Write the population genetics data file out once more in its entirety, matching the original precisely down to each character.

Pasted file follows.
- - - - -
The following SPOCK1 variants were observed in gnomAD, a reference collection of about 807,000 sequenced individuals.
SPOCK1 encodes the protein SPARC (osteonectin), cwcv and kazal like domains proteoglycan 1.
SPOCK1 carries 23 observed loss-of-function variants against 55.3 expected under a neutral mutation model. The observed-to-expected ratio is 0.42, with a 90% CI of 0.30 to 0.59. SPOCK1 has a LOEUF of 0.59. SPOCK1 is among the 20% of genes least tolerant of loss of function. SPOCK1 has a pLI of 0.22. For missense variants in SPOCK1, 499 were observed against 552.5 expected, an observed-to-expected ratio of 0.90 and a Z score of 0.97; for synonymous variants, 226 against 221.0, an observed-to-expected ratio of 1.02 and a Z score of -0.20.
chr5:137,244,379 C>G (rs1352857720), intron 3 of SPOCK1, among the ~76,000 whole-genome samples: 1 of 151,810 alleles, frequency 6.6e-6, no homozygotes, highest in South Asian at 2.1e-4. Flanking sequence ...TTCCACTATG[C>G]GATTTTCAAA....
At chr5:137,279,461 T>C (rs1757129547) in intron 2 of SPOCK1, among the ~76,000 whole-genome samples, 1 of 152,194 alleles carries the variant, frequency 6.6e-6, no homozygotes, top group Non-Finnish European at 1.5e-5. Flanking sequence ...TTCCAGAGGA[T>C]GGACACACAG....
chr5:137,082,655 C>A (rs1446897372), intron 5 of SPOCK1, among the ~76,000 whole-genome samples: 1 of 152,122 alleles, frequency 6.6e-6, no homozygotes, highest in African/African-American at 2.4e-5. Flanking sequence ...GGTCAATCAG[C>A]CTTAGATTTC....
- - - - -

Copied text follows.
The following SPOCK1 variants were observed in gnomAD, a reference collection of about 807,000 sequenced individuals.
SPOCK1 encodes the protein SPARC (osteonectin), cwcv and kazal like domains proteoglycan 1.
SPOCK1 carries 23 observed loss-of-function variants against 55.3 expected under a neutral mutation model. The observed-to-expected ratio is 0.42, with a 90% CI of 0.30 to 0.59. SPOCK1 has a LOEUF of 0.59. SPOCK1 is among the 20% of genes least tolerant of loss of function. SPOCK1 has a pLI of 0.22. For missense variants in SPOCK1, 499 were observed against 552.5 expected, an observed-to-expected ratio of 0.90 and a Z score of 0.97; for synonymous variants, 226 against 221.0, an observed-to-expected ratio of 1.02 and a Z score of -0.20.
chr5:137,244,379 C>G (rs1352857720), intron 3 of SPOCK1, among the ~76,000 whole-genome samples: 1 of 151,810 alleles, frequency 6.6e-6, no homozygotes, highest in South Asian at 2.1e-4. Flanking sequence ...TTCCACTATG[C>G]GATTTTCAAA....
At chr5:137,279,461 T>C (rs1757129547) in intron 2 of SPOCK1, among the ~76,000 whole-genome samples, 1 of 152,194 alleles carries the variant, frequency 6.6e-6, no homozygotes, top group Non-Finnish European at 1.5e-5. Flanking sequence ...TTCCAGAGGA[T>C]GGACACACAG....
chr5:137,082,655 C>A (rs1446897372), intron 5 of SPOCK1, among the ~76,000 whole-genome samples: 1 of 152,122 alleles, frequency 6.6e-6, no homozygotes, highest in African/African-American at 2.4e-5. Flanking sequence ...GGTCAATCAG[C>A]CTTAGATTTC....